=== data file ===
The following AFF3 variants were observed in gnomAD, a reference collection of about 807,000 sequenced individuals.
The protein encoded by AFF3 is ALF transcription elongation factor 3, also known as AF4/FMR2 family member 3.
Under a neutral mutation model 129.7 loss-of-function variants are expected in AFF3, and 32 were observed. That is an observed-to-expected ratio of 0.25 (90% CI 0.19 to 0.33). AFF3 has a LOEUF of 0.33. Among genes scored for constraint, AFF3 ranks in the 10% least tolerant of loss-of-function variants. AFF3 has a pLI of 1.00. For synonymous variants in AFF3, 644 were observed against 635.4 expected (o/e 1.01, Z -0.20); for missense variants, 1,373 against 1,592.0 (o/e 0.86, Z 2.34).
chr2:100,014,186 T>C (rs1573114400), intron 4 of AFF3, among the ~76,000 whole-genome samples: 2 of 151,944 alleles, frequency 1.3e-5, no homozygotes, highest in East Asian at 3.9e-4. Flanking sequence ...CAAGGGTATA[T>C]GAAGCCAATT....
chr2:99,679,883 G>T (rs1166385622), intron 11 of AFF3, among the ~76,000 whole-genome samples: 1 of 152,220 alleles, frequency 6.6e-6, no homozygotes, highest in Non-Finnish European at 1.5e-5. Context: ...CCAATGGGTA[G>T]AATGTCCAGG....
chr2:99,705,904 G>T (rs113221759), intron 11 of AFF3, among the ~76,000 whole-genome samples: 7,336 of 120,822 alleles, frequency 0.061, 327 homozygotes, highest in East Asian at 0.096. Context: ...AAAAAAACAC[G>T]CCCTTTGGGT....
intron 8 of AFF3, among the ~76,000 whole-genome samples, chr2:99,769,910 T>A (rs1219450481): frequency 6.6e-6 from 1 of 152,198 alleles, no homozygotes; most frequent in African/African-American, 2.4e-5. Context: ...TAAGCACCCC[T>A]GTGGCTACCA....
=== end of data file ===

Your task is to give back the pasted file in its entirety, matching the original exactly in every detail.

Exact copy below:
The following AFF3 variants were observed in gnomAD, a reference collection of about 807,000 sequenced individuals.
The protein encoded by AFF3 is ALF transcription elongation factor 3, also known as AF4/FMR2 family member 3.
Under a neutral mutation model 129.7 loss-of-function variants are expected in AFF3, and 32 were observed. That is an observed-to-expected ratio of 0.25 (90% CI 0.19 to 0.33). AFF3 has a LOEUF of 0.33. Among genes scored for constraint, AFF3 ranks in the 10% least tolerant of loss-of-function variants. AFF3 has a pLI of 1.00. For synonymous variants in AFF3, 644 were observed against 635.4 expected (o/e 1.01, Z -0.20); for missense variants, 1,373 against 1,592.0 (o/e 0.86, Z 2.34).
chr2:100,014,186 T>C (rs1573114400), intron 4 of AFF3, among the ~76,000 whole-genome samples: 2 of 151,944 alleles, frequency 1.3e-5, no homozygotes, highest in East Asian at 3.9e-4. Flanking sequence ...CAAGGGTATA[T>C]GAAGCCAATT....
chr2:99,679,883 G>T (rs1166385622), intron 11 of AFF3, among the ~76,000 whole-genome samples: 1 of 152,220 alleles, frequency 6.6e-6, no homozygotes, highest in Non-Finnish European at 1.5e-5. Context: ...CCAATGGGTA[G>T]AATGTCCAGG....
chr2:99,705,904 G>T (rs113221759), intron 11 of AFF3, among the ~76,000 whole-genome samples: 7,336 of 120,822 alleles, frequency 0.061, 327 homozygotes, highest in East Asian at 0.096. Context: ...AAAAAAACAC[G>T]CCCTTTGGGT....
intron 8 of AFF3, among the ~76,000 whole-genome samples, chr2:99,769,910 T>A (rs1219450481): frequency 6.6e-6 from 1 of 152,198 alleles, no homozygotes; most frequent in African/African-American, 2.4e-5. Context: ...TAAGCACCCC[T>A]GTGGCTACCA....